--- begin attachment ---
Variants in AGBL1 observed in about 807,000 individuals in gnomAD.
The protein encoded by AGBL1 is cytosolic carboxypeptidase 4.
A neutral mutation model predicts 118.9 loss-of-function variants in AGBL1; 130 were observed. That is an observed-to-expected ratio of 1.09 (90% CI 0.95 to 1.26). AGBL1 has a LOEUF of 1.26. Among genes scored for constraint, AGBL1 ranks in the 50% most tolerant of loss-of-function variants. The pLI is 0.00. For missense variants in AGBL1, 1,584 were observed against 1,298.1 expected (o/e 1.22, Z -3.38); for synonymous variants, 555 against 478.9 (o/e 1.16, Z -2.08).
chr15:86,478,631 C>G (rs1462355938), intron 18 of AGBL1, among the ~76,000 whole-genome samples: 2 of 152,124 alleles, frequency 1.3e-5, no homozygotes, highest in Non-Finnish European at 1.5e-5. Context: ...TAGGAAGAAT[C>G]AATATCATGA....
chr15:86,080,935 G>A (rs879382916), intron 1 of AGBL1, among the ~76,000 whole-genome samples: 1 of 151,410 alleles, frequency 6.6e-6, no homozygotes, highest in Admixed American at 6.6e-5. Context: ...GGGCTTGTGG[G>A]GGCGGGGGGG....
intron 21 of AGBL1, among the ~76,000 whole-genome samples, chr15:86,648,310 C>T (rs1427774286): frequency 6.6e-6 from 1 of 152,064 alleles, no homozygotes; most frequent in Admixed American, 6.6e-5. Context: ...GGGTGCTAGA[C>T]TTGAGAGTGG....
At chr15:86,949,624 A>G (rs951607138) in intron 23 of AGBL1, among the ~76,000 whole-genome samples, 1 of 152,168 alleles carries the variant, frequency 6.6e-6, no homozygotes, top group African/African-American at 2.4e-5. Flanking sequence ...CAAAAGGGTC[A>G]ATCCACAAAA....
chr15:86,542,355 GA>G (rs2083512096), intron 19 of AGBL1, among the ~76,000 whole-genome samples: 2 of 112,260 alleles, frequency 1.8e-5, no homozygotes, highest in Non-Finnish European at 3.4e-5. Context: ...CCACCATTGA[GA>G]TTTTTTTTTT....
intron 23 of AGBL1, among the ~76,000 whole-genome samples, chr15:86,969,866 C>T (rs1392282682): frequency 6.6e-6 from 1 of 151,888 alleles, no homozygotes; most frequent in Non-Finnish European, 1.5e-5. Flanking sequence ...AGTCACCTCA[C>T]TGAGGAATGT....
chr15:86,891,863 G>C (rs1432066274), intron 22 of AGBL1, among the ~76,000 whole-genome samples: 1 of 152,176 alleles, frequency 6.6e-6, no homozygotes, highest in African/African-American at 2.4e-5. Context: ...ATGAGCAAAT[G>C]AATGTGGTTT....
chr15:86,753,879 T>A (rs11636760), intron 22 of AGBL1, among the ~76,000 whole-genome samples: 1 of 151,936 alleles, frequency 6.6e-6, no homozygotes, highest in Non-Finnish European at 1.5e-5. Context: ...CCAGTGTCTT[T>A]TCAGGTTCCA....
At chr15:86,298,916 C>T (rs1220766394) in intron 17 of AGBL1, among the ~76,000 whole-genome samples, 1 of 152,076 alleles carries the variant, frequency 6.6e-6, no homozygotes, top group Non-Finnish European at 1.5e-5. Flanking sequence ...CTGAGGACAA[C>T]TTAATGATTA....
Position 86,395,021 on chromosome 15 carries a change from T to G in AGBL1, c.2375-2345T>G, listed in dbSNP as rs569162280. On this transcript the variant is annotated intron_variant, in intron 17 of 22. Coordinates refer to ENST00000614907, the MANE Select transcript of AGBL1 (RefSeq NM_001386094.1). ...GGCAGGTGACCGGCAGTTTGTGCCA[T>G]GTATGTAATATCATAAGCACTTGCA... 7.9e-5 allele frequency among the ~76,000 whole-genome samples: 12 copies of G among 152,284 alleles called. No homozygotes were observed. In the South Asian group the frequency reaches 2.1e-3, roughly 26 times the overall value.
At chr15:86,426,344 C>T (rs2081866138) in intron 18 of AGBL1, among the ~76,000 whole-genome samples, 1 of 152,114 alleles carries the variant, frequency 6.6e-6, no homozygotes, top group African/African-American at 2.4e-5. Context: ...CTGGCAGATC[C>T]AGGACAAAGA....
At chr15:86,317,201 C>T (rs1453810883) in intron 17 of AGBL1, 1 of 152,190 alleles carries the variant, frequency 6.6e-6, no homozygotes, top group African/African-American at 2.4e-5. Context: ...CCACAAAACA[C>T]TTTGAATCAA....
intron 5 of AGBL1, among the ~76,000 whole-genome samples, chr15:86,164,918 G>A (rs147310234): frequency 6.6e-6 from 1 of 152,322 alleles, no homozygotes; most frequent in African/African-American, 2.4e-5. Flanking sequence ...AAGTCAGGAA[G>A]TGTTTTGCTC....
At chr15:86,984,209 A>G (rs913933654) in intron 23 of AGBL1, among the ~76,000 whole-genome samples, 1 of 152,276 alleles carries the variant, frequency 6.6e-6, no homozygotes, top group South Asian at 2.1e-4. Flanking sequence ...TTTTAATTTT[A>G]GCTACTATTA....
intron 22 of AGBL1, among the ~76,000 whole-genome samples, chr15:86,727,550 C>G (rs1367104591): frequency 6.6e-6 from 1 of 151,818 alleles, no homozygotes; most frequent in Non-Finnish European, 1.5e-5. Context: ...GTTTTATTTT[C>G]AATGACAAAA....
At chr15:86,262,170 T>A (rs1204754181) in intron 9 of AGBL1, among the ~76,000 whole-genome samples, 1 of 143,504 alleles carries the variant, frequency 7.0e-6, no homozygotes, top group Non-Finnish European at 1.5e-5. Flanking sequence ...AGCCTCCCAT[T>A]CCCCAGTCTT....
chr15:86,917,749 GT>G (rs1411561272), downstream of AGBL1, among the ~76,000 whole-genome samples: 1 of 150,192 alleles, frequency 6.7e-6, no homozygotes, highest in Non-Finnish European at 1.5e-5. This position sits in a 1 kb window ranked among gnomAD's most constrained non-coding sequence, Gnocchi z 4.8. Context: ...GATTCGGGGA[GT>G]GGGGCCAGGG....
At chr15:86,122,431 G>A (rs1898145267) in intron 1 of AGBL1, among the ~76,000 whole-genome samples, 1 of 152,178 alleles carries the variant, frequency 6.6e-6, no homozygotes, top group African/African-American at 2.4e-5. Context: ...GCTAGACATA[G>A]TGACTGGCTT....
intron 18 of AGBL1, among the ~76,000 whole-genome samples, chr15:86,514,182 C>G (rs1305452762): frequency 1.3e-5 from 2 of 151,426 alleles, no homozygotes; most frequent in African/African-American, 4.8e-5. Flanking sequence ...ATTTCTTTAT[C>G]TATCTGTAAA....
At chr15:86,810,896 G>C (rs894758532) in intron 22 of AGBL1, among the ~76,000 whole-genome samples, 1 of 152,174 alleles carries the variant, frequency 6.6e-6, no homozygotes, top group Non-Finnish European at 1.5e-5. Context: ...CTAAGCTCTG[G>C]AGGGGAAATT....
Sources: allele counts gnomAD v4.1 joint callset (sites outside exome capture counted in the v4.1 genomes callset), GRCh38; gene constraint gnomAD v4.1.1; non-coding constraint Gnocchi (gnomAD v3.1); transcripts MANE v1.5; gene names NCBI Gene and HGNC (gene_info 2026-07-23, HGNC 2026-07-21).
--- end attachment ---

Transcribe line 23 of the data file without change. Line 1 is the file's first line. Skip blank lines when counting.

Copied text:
At chr15:86,810,896 G>C (rs894758532) in intron 22 of AGBL1, among the ~76,000 whole-genome samples, 1 of 152,174 alleles carries the variant, frequency 6.6e-6, no homozygotes, top group Non-Finnish European at 1.5e-5. Context: ...CTAAGCTCTG[G>C]AGGGGAAATT....